Selah and the Spades captures the private school life of teenagers in an age soundtracked by the likes of the Weeknd, who’s known to sing the virtues of molly and lean in his moody music.
This debut from director Tayarisha Poe doesn’t use any Weeknd songs. But its characters run parallel with the pill-popping high schoolers on last year’s Euphoria and the drug-experimenting college kids on Grown-ish. The bygone days of (unrealistically?) sober students on A Different World or John Hughes’ movies from the ’80s are long gone. Kids using drugs is such a given that the story of Selah and the Spades doesn’t even rise or fall on this fact.
Selah Summers is a senior at the Haldwell School, a fictional Pennsylvania boarding school where she runs the Spades, one of five factions of students in charge of illicit activity on campus. Collectively, they sell test papers, throw secret parties and provide all the pills and cannabis interruptus anybody needs to make it to graduation. Selah (played by Greenleaf’s Lovie Simone) and the Spades handle the drugs.
With college looming, Selah sees her reign as a big fish in a small pond coming to an end. Selah and the Spades tells the story of her grappling with the status she’s about to lose, and how poorly she deals with her change of fortune in the distance.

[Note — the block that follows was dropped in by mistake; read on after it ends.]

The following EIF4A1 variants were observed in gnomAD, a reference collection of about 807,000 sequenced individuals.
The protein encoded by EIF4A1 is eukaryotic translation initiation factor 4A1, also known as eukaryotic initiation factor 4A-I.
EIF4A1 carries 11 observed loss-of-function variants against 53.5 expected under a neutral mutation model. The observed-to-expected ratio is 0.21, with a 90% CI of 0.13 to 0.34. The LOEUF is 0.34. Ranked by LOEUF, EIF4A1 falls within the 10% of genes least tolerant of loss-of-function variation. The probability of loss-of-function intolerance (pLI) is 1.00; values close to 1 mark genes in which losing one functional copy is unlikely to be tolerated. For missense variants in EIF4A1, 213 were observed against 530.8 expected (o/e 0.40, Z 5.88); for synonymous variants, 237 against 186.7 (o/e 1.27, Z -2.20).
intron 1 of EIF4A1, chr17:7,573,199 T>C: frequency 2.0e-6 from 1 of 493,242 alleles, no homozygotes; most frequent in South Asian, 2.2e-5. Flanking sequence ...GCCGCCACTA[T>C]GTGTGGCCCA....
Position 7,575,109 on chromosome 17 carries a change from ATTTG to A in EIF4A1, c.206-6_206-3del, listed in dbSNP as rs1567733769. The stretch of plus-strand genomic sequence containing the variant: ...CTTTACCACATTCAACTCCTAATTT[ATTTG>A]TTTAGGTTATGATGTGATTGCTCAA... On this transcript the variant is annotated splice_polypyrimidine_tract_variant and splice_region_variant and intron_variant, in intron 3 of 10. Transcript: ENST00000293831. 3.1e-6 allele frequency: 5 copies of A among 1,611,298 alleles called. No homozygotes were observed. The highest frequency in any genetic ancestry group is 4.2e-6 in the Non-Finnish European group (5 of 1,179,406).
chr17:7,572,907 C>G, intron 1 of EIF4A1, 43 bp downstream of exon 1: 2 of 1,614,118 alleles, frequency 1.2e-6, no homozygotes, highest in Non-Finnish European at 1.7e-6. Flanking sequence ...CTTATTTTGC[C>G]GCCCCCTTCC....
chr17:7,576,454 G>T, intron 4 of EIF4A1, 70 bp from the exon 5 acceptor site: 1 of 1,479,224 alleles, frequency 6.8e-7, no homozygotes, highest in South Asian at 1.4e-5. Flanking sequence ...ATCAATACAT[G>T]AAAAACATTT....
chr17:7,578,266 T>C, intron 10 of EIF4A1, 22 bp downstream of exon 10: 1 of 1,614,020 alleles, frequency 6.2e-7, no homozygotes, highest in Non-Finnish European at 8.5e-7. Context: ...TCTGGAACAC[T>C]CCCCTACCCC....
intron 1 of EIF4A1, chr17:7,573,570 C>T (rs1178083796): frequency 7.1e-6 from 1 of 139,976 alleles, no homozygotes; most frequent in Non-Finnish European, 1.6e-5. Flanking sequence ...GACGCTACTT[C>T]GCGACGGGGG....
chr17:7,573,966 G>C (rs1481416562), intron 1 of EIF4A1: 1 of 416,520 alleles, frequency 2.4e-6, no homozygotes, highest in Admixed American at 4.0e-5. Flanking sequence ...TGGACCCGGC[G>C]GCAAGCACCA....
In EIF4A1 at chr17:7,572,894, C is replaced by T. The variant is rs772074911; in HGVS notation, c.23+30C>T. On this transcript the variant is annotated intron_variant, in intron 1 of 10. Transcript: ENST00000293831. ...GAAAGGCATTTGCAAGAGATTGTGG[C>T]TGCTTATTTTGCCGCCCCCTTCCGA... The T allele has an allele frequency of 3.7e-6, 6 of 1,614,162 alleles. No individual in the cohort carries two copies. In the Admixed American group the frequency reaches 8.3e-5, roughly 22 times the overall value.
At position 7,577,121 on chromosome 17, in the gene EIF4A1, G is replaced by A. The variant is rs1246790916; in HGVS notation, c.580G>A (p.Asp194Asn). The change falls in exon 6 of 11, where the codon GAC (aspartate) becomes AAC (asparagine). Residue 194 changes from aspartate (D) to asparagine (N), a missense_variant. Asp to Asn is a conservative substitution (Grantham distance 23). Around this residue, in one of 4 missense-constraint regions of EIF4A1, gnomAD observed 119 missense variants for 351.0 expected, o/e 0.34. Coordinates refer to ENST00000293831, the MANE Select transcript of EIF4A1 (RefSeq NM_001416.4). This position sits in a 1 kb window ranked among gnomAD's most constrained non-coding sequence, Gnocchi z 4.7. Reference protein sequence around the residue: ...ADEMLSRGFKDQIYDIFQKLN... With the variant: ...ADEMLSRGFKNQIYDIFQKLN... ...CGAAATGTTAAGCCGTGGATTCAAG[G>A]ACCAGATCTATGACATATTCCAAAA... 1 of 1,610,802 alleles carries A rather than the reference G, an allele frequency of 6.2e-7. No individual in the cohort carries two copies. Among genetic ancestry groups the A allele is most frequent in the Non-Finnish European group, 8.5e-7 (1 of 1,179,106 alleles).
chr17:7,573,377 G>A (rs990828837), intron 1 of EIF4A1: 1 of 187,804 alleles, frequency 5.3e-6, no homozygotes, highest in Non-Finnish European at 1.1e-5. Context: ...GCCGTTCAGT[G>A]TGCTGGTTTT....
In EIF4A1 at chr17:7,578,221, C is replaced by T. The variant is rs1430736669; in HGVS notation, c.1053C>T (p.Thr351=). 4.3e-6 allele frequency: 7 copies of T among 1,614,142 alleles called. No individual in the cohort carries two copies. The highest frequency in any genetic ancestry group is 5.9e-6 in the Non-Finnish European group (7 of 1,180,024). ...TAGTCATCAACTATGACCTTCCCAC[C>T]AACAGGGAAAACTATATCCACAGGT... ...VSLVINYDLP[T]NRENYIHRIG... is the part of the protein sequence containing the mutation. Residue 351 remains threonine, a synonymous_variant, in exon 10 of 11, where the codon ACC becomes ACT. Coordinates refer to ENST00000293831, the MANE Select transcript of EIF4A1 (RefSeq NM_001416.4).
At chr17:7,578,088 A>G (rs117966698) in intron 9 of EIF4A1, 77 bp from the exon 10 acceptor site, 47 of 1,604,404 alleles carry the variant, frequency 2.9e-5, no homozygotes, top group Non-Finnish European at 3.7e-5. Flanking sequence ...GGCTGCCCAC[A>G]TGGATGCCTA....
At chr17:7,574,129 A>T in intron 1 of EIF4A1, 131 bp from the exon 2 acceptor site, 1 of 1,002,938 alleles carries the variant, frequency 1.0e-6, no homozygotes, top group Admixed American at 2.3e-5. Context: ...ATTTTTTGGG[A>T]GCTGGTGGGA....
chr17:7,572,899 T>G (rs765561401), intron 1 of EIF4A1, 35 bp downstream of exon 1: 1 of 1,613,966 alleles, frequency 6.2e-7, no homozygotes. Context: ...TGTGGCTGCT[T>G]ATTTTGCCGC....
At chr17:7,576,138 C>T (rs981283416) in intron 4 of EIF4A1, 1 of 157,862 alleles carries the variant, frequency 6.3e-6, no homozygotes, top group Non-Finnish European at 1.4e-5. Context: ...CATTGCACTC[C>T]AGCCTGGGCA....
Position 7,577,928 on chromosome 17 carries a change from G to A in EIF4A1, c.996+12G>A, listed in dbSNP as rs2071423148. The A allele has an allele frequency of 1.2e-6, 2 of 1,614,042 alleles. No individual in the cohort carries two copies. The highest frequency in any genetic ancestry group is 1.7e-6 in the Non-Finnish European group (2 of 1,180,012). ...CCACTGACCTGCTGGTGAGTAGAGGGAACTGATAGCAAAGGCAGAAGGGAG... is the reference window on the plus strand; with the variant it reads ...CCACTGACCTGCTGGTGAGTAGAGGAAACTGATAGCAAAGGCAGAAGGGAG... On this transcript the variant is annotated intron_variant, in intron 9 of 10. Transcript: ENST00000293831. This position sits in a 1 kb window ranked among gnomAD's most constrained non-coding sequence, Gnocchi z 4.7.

As a first-time writer-director, Poe bathes all the cheerleaders and prom dates of Selah in the soft lighting expected from a film full of teenage life at an elite prep school. Unexpectedly, smartphones aren’t a constant presence (no one texts in the film even once) and the multicultural student body at Haldwell never wrangles with race. The young Black scholars assumedly hail from moneyed backgrounds, and the school is presided over by a Black headmaster (Jesse Wiliams). The cliché of culture shock has nothing to do with the film, a super welcome surprise.
Paloma (Celeste O’Connor), a transferred sophomore and amateur photographer, kicks the movie into gear as the wide-eyed apprentice under Selah’s wing. Emmy-winning Jharrel Jerome (Moonlight, When They See Us) plays Maxxie, Selah’s platonic bestie and literal partner-in-crime. A clash between Maxxie and protégée Paloma as they jockey for Selah’s attentions seems inevitable from the start. But the specifics and severity of the conflict take things into interesting territory, making Selah and the Spades a hypnotic watch. Poe’s ambiguous ending, with a surprise reveal into Selah’s dark heart, still feels rewarding without a more straightforward finale.
Rivalries and the cruelties of high school life have been covered before by movies like Bring It On. What sets Selah and the Spades apart is that the film feels like a gangster movie with a boarding school backdrop. Selah is like the Godfather—except for when she travels home, where her mother forces her to attend a college she’s uninterested in against her will. Only then do we get the fullest view of who she is outside of the Selah she wants everyone else to see.
With Selah and the Spades, Poe seeks a certain amount of compassion and empathy for a lead character full of faults—and succeeds.